The system appears hopeless, self-serving, suffocates and maliciously impoverishes the masses. President Mohammadu Buhari regime has also kept many Igbo from the corridors of power, while the sudden collapse of the value of naira in the international market, following the fall in oil prices, crashed the hope of many Igbo, the ethnic group that dominates the import sector. This has been undermined by critics who claim Igbo are not marginalized and that what matters is the “unity of the country.” This people speak for themselves and from the comfort of their ethnic groups. For one thing, irrespective of the shortcomings of Mr Kanu, military justice is the least expected from an elected government. The soldiers invaded without resort to any Court Order. The invasion came at a time the Federal High Court was prosecuting Kanu.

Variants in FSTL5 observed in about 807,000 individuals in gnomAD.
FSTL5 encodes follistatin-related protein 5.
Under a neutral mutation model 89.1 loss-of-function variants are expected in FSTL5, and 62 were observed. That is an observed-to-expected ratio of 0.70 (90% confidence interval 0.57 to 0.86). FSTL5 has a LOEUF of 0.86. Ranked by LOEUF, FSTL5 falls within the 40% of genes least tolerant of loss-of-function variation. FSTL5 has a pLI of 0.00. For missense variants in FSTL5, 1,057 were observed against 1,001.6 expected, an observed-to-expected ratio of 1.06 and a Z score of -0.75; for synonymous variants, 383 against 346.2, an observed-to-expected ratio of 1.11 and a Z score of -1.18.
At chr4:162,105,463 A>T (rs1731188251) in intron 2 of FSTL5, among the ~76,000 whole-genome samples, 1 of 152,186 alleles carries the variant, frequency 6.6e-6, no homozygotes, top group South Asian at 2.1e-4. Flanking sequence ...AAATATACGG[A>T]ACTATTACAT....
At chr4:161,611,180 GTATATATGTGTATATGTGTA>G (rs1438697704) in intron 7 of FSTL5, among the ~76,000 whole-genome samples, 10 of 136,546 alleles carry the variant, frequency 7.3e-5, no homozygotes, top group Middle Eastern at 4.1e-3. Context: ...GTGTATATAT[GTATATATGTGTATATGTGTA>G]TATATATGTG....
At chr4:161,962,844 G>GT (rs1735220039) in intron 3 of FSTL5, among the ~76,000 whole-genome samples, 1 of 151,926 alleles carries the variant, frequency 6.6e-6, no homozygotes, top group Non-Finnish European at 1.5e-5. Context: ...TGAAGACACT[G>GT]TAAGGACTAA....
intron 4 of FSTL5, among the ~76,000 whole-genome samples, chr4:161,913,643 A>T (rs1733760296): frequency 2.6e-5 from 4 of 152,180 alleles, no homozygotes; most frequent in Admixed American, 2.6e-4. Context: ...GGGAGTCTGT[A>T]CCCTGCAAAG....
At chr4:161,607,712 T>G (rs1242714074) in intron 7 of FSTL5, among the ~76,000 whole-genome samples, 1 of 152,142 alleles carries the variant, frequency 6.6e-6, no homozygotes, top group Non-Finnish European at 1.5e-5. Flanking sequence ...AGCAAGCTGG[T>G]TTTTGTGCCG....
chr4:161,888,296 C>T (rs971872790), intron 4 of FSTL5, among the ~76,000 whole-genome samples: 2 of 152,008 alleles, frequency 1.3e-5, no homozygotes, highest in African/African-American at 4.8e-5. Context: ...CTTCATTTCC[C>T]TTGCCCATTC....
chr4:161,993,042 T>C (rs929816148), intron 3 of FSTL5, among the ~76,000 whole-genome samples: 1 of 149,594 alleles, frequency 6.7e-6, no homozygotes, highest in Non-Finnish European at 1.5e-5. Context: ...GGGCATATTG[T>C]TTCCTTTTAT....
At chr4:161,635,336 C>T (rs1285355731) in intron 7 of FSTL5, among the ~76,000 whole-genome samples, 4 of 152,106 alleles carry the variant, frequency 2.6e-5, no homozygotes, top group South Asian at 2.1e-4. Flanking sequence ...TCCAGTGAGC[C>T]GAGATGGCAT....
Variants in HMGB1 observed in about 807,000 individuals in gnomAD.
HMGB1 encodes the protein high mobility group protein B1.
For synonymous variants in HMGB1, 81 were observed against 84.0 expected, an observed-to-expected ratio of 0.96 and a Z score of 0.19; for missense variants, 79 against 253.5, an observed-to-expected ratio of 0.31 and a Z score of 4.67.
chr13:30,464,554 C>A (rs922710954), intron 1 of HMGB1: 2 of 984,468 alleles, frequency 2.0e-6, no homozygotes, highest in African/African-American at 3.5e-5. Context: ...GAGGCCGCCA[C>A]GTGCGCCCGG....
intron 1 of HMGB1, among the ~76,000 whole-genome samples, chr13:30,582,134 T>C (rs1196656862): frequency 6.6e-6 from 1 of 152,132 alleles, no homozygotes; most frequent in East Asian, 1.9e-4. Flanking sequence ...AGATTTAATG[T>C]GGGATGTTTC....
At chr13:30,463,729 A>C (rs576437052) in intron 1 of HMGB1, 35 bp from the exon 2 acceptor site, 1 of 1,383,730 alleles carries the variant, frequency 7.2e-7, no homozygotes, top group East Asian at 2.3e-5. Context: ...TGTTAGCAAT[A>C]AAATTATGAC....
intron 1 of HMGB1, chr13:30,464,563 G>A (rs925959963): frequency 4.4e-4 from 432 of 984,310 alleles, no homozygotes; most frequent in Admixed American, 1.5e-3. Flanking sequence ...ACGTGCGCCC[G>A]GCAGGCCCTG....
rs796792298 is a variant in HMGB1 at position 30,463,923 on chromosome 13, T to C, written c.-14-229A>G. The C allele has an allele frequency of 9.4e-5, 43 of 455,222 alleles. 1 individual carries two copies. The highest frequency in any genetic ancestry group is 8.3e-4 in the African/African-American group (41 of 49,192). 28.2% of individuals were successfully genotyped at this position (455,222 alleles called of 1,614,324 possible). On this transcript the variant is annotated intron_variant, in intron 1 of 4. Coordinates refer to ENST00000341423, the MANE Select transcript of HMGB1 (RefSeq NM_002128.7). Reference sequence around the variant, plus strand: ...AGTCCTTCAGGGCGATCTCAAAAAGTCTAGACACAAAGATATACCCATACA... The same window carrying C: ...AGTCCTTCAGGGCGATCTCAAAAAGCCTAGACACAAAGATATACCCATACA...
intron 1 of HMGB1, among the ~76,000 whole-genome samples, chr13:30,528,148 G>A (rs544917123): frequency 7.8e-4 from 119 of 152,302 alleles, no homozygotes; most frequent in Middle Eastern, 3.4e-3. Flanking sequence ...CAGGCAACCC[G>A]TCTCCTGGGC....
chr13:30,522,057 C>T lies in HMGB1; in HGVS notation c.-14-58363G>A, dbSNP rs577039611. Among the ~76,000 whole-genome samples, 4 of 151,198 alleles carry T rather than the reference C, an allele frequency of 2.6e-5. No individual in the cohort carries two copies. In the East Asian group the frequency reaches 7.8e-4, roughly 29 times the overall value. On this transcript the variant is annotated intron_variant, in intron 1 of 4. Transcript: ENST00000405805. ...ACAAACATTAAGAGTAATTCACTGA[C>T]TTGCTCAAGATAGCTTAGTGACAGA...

The danger is the precedence of the Army being the judge and the prosecutor in a democratic setting that requires functions of the police and the judiciary. Given its ethnic configuration, the action of the Army has the potential of polarizing its formations along primordial lines and putting its entire martial spirit in mutiny mode. The Army has seized the license to proclaim who is a terrorist or not. Nigeria has a tradition of having truth viewed from the prism of ethnic colours. The contest for power in Nigeria's atomic society sees truth as the first casualty. Mr Buhari’s supporters have been largely ethnic faithful, fueled by blind patriotism, political vengeance and rabid zeal to protect the pecks and goodies of office rather than reason and common sense.